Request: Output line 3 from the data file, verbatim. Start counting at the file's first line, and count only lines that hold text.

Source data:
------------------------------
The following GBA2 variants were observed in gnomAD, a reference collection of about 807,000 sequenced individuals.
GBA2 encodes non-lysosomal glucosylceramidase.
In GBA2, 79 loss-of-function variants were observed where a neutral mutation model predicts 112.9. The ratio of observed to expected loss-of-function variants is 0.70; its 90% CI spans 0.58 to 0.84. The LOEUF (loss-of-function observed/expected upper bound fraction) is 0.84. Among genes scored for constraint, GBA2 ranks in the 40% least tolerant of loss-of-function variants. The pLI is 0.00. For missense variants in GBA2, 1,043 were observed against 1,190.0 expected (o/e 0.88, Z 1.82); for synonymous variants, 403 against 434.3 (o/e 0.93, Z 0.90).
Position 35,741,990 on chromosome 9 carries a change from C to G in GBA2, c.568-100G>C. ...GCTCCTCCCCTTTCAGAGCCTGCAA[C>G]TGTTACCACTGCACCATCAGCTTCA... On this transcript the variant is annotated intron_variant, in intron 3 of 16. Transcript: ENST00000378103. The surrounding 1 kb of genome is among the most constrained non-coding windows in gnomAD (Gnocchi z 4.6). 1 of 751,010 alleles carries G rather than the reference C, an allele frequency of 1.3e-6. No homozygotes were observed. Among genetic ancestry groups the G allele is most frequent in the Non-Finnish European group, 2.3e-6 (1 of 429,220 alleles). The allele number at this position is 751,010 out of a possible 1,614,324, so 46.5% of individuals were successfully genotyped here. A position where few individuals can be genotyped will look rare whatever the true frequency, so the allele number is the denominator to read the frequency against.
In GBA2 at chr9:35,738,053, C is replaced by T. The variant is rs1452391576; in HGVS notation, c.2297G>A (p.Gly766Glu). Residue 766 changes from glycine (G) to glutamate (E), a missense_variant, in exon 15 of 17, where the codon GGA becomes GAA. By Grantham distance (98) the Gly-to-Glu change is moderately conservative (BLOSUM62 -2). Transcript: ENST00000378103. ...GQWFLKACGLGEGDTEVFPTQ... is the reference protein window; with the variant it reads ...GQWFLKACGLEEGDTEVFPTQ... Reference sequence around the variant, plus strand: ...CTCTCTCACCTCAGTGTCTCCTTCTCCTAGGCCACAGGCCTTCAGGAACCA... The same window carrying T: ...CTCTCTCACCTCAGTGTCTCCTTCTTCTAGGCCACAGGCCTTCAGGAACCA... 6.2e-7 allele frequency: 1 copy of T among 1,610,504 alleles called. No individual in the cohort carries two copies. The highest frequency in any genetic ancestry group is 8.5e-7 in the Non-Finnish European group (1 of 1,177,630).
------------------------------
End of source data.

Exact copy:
In GBA2, 79 loss-of-function variants were observed where a neutral mutation model predicts 112.9. The ratio of observed to expected loss-of-function variants is 0.70; its 90% CI spans 0.58 to 0.84. The LOEUF (loss-of-function observed/expected upper bound fraction) is 0.84. Among genes scored for constraint, GBA2 ranks in the 40% least tolerant of loss-of-function variants. The pLI is 0.00. For missense variants in GBA2, 1,043 were observed against 1,190.0 expected (o/e 0.88, Z 1.82); for synonymous variants, 403 against 434.3 (o/e 0.93, Z 0.90).